Wednesday, July 17, 2013

Milton & District Horticultural Society Garden Tour

At our very last hort meeting I sat next to a lovely woman who was the organizer of the Milton tour.  As quickly as I asked, when? and how much?  - she had the tickets out of her purse to complete the transaction.  And at $15 for 2 - how could you go wrong?

The Milton society was established in 1910 - the land then was primarily agricultural.  Today, the crop is houses, lots of them.  If you haven't driven up there in a while, you will be shocked to see how many have been built.

Kevin and I realized that we'd be able to do five of the six gardens if we started at the dot of 10:00 and still make it back to Oakville in time for his appointment.  Our first stop was at Anne and Walter Elliot's garden - Walter was a former high school teacher at Oakville Trafalgar and has been retired for a while.  Their property is about an acre and a half - they garden about 2/3s of it - and let the rest do what it wants.  It is filled with hard-working perennials and lovely bits of whimsy.

I can see they've worked hard to provide colour throughout the garden season - this patch is just starting to colour and will look wonderful when the mums are in bloom.

Now, this isn't a combination I'd thought of but think it works very well.

My first big butterfly of the year - sadly, it appears to have been clobbered by the rain the night before.

The next four gardens were much smaller, but packed with good ideas, and like the first, were done by the owner.  Not that I don't appreciate the over-the-top quarter million extravaganzas that I could never have, but I really prefer seeing what gardeners are putting in their gardens and how they've solved garden problems without taking out a loan.

Susan Platt has a very wet section in her backyard, she pointed out the offending area - you'd never know it existed without being shown.  Her perennial bed is 150 feet long.

What's a garden without a wee gnome?

I think you can get more fun and photos with one sunflower seed than you can with almost any other flower.

Our third stop was to Len Lee's garden - a man with 250 rose bushes.

And, one wonderful Opuntia.

I can really understand how a rose-lover would fall in for beautiful plant.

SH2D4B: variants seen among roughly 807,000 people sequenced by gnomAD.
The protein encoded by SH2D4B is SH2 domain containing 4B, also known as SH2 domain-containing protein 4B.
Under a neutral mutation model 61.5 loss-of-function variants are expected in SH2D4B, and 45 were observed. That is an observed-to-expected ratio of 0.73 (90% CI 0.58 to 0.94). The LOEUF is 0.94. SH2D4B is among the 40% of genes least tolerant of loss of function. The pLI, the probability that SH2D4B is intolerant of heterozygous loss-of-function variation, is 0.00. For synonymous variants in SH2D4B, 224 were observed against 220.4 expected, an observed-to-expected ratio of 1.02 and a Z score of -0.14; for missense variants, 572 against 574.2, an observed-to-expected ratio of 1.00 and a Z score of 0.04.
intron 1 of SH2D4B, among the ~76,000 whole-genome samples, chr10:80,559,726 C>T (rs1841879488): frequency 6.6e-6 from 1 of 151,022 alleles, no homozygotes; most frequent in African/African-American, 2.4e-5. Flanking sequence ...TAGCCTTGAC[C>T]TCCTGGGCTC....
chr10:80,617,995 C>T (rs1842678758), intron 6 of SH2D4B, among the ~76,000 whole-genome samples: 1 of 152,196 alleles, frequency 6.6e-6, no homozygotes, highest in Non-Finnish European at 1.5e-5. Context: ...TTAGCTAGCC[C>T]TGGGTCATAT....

Lost in the bushes....

Len had removed the lawn and raised the beds.  He sends all his roses into the winter well covered.  (And I whinge about having to hill up the few that I have.)

Not only do the front and back gardens look lovely - all the owners took care to make the transition areas just as tour-worthy.  This is Judy and Bob Wallace's garden on Wilson Street.

Bob said he likes to sit and listen to the water flow on a Sunday night - pop on the radio and listen to the folks battling the traffic coming back from the cottage.  No need to go anywhere - he's got his own little paradise in his own backyard.

They even managed to fit in a vegetable garden.  Note the grand children's toys for the pool (not pictured).

And then to garden number five - Diane Vandenbosh's garden on Kingsleigh Court.  Grass be gone.

When the curbs were being redone, Diane decided to just give over the whole front to flowers.  I'd never seen white Knautia only the dark red.  It's equally pretty and a good weaver.

A giant insect in watching over the smaller faster moving ones.

I really miss my old Coreopsis.  One of the first perennials I grew from seed.  A good reason to go the nursery don't you think?

Although, maybe next week when it's a little cooler - talking about 43C (109.4F which is the current temperature in Riyahd) with the heat index today - or a shivery 33C (91.4) without.  Better get out and water - at the moment, it really doesn't look like we're going to be able to count on rain.


Jennifer said...

Looks like this was a great tour Barbara. I liked that you included personal details that gave life to each garden.

Houston said...

This is awesome!